The Student News Site of Tarrant County College

The Collegian

The Student News Site of Tarrant County College

The Collegian

The Student News Site of Tarrant County College

The Collegian

Counselor tells NE students about addiction

By Andrew Good/reporter

A serious look was taken Nov. 13 into the complex, but treatable plight of society known as chemical addiction.

Dr. Hadi Tajani, Deborah Sweat, a registered nurse and Sandra Anderson, a licensed professional counselor, members of Harris Methodist Springwood Hospital staff, visited NE Campus to update psychiatry professionals and students in Chemical Dependency: Addiction Treatment Updates.

“ The best programs provide a combination of services that is designed to meet the needs of the individual patient,” Tajani said.

He said the abuse of different substances will require various approaches to help treat each individual case.

“ With certain drugs such as alcohol or amphetamines, it is better to completely be clean,” he said. “With cannabis, however, we mainly go for an outpatient program.”

Regarding the standard period of time one completes a treatment program, Tajani said 3 months is usually effective.

Tajani also explained the role of encouragement through the treatment process.

“ The step in the acute phase is to get the family involved,” he said. “Support groups are invaluable for relapse prevention.”

Another large role played in relapse prevention is that of medication such as Campral, which he said is effective 50 percent of the time depending on motivation, and Suboxone, which has no serious side effects for the user.

When referencing whether using Suboxone is just replacing one drug with another, he said, “It is an opiate but is a totally different molecule, so the effect is totally different.”

He also said that there is no legal problem when using prescribed medication.

Sweat spoke primarily on the effects of addiction in women.

“ Women are impacted by addiction differently than men,” she said.

She said that since women have lower levels of alcohol dehydrogenase, they become intoxicated faster than men.

“ For a woman, a single drink of alcohol acts as a double,” she said, “a woman’s body contains less water and more fatty tissue, which increases alcohol absorption, compared to a male’s body.”

Sweat said more professional women are drinking after work and mothers with young children are drinking more often at home.

“ When we factor in the effects on children, it adds on a different dimension,” she said.

Sweat listed a variety of impacts ranging from birth defects to fetal alcohol syndrome and from premature birth to learning and developmental problems such as attention deficit disorder.

She also discussed reasons why women will not seek help.

“ Pregnant women … have guilt about its affects on their pregnancy,“ she said, “Women face barriers to treatment with childcare for lack of social and family support.”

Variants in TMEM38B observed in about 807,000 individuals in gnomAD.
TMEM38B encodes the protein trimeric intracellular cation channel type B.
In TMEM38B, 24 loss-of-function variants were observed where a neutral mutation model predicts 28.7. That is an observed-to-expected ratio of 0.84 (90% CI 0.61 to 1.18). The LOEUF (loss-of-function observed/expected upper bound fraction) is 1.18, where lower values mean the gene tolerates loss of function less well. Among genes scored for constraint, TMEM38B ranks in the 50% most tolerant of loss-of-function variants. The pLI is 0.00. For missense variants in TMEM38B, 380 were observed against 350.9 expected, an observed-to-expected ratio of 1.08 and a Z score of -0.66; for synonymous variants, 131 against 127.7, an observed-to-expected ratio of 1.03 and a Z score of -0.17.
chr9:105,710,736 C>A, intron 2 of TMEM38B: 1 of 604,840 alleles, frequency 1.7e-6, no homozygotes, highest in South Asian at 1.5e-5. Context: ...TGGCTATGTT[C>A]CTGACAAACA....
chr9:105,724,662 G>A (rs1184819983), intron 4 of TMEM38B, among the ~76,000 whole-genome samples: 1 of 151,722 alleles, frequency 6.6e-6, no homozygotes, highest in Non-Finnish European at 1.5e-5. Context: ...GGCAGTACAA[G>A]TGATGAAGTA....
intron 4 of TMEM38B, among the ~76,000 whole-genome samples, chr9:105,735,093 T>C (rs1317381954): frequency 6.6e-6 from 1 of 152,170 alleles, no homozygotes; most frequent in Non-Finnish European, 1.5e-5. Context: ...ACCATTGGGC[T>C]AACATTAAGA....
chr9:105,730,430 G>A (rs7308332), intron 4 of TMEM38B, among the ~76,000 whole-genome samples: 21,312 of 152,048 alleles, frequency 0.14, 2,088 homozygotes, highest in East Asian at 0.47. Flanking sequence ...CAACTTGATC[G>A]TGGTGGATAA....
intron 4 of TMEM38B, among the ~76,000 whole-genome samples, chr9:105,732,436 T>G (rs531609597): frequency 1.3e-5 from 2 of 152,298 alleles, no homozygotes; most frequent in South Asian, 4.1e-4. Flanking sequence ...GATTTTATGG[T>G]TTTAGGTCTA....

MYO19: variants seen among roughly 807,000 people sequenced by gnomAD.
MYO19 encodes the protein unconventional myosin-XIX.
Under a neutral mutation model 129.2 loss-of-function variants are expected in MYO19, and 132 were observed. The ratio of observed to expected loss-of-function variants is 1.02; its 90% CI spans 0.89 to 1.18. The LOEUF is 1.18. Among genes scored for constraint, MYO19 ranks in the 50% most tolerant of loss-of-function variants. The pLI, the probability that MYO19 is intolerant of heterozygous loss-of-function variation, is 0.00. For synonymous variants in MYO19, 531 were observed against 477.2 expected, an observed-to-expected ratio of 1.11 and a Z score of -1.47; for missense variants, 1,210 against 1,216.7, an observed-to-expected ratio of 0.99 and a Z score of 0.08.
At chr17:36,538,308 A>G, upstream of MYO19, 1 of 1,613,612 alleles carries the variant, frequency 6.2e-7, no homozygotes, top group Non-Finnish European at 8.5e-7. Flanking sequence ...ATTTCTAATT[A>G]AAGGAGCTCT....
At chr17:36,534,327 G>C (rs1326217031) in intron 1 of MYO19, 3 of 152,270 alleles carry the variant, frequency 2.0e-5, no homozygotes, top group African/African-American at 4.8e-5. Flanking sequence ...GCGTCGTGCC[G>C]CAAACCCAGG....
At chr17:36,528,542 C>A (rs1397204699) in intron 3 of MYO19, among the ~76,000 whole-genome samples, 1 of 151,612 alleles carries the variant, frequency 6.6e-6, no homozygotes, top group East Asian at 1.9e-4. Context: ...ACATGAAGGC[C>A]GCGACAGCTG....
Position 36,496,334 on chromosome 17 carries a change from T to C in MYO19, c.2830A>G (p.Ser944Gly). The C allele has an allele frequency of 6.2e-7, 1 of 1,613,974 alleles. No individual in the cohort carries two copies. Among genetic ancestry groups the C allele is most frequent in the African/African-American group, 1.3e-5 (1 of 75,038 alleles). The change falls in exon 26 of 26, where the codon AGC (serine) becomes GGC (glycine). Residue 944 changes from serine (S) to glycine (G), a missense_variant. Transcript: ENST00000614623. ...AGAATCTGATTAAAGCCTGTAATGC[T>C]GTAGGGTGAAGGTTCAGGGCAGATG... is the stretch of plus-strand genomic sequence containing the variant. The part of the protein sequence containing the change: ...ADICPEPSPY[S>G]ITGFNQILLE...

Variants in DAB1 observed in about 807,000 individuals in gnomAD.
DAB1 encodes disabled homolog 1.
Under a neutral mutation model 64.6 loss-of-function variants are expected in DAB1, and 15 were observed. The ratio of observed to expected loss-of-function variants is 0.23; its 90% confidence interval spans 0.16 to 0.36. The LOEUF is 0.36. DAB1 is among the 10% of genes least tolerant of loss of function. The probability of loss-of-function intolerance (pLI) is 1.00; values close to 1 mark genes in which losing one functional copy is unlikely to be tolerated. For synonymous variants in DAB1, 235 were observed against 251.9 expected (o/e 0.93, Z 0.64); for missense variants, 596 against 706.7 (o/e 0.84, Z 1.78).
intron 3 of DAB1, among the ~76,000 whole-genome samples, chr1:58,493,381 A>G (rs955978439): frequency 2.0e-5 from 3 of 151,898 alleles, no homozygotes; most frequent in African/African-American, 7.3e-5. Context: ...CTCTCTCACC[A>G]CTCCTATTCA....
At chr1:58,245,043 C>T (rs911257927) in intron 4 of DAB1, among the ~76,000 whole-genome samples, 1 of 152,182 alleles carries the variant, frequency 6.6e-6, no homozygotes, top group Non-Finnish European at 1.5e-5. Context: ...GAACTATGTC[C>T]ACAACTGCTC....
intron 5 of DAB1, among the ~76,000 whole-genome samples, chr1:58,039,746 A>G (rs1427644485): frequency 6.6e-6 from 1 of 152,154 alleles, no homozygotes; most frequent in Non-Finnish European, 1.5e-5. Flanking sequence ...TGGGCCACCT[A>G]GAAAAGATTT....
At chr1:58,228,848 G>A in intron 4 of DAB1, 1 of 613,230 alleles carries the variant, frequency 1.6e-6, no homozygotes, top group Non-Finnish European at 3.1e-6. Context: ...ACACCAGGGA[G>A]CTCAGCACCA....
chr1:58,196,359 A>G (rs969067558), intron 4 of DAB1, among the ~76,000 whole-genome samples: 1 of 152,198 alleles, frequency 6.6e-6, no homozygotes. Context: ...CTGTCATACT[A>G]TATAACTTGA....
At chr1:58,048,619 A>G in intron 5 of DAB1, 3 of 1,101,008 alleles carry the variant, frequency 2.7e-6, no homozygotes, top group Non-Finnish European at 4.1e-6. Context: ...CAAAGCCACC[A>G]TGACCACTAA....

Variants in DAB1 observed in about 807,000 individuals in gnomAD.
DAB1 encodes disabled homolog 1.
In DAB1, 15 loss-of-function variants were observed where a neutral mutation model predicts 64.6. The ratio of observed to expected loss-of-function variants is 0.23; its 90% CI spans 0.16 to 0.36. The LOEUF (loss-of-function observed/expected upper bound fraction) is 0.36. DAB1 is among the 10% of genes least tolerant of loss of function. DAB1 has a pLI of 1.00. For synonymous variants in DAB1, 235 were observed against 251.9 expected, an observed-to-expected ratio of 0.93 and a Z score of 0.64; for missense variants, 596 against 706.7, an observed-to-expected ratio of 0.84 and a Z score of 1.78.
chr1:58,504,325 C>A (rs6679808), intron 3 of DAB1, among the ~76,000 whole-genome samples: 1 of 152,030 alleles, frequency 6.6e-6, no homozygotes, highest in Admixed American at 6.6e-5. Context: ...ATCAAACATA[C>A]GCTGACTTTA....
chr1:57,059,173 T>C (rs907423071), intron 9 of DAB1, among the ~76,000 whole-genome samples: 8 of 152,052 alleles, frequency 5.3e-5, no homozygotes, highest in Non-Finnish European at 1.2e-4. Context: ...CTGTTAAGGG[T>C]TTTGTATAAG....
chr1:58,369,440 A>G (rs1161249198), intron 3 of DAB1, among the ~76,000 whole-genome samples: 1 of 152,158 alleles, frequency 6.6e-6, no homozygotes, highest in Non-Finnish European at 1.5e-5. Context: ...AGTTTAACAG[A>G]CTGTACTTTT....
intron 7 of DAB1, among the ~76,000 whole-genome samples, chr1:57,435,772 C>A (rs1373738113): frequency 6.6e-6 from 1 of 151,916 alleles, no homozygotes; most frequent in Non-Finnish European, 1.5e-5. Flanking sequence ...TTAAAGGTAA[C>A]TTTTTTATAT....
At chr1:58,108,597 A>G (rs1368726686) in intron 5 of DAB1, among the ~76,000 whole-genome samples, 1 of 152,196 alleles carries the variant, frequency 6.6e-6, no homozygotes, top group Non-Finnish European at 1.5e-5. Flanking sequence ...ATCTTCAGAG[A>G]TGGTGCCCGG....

Women have been encouraged to self-medicate for emotional and physical symptoms of the hormone cycle, Sweat said. She then pointed out factors that complicate treatment.

“ Physicians prescribe twice as many psychotropic medications for women as for men, and many are refilled for decades,” she said.

Denial is the result of the authoritative atmosphere given off by their over-prescribing physicians, Sweat said.

Treatment options include inpatient detoxification treatment and intensive outpatient day programs.

“ Inpatient acute hospitalization is reserved for the most severely impaired patients and is dependent on the patient’s progress,” she said. “And twelve step programs focus on disease concept and relapse prevention.”

Anderson, who has 16 years of experience in mental health, focused on the assessment of the patient in crisis.

“ We prevent suicide with awareness of risk factors, treatment and education resources, and of our role as healthcare providers,” she said.

The single biggest factor is the presence of a major depressive episode with 56 percent of patients with major depressive disorders reporting passive suicidal ideation and 40 percent reporting thoughts of actually killing themselves, Anderson said.

Other risk factors include delusional thinking, command hallucinations, extreme mania and drug-induced psychotic disorders.

“ Sometimes I will see this with methamphetamines, where they will have auditory hallucinations and they hear somebody telling them to kill themselves,” she said.

Getting a good history from the patient is important, and an efficient way to achieve that is through using formatted assessment tools, Anderson said.

“ When you see someone planning to commit suicide, there is an elevation of mood because it is a release of their problems,” she said.

If the person remains alive, then there must be a will to live and a possibility for change, Anderson said.

The seminar was sponsored by the NE Campus student activities.

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